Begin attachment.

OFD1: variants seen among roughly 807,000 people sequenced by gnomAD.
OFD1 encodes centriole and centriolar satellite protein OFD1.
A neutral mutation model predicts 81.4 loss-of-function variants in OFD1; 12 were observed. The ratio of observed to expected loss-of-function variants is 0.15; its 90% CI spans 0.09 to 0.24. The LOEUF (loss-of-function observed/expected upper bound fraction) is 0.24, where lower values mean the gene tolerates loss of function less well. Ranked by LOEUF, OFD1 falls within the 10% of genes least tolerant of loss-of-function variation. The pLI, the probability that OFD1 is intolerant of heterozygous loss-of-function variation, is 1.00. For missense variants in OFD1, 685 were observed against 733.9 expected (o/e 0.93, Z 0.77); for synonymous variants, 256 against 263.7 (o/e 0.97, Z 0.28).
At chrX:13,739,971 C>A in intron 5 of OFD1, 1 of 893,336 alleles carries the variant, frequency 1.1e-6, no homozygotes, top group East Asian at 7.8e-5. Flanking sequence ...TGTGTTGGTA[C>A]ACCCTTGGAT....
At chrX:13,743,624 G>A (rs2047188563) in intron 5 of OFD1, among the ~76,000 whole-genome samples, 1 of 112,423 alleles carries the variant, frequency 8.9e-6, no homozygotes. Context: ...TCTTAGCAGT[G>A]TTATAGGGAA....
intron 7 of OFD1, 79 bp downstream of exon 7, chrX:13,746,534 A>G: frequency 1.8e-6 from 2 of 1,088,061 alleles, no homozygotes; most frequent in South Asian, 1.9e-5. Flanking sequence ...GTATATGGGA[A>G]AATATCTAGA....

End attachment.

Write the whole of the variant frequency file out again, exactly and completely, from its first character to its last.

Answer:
OFD1: variants seen among roughly 807,000 people sequenced by gnomAD.
OFD1 encodes centriole and centriolar satellite protein OFD1.
A neutral mutation model predicts 81.4 loss-of-function variants in OFD1; 12 were observed. The ratio of observed to expected loss-of-function variants is 0.15; its 90% CI spans 0.09 to 0.24. The LOEUF (loss-of-function observed/expected upper bound fraction) is 0.24, where lower values mean the gene tolerates loss of function less well. Ranked by LOEUF, OFD1 falls within the 10% of genes least tolerant of loss-of-function variation. The pLI, the probability that OFD1 is intolerant of heterozygous loss-of-function variation, is 1.00. For missense variants in OFD1, 685 were observed against 733.9 expected (o/e 0.93, Z 0.77); for synonymous variants, 256 against 263.7 (o/e 0.97, Z 0.28).
At chrX:13,739,971 C>A in intron 5 of OFD1, 1 of 893,336 alleles carries the variant, frequency 1.1e-6, no homozygotes, top group East Asian at 7.8e-5. Flanking sequence ...TGTGTTGGTA[C>A]ACCCTTGGAT....
At chrX:13,743,624 G>A (rs2047188563) in intron 5 of OFD1, among the ~76,000 whole-genome samples, 1 of 112,423 alleles carries the variant, frequency 8.9e-6, no homozygotes. Context: ...TCTTAGCAGT[G>A]TTATAGGGAA....
intron 7 of OFD1, 79 bp downstream of exon 7, chrX:13,746,534 A>G: frequency 1.8e-6 from 2 of 1,088,061 alleles, no homozygotes; most frequent in South Asian, 1.9e-5. Flanking sequence ...GTATATGGGA[A>G]AATATCTAGA....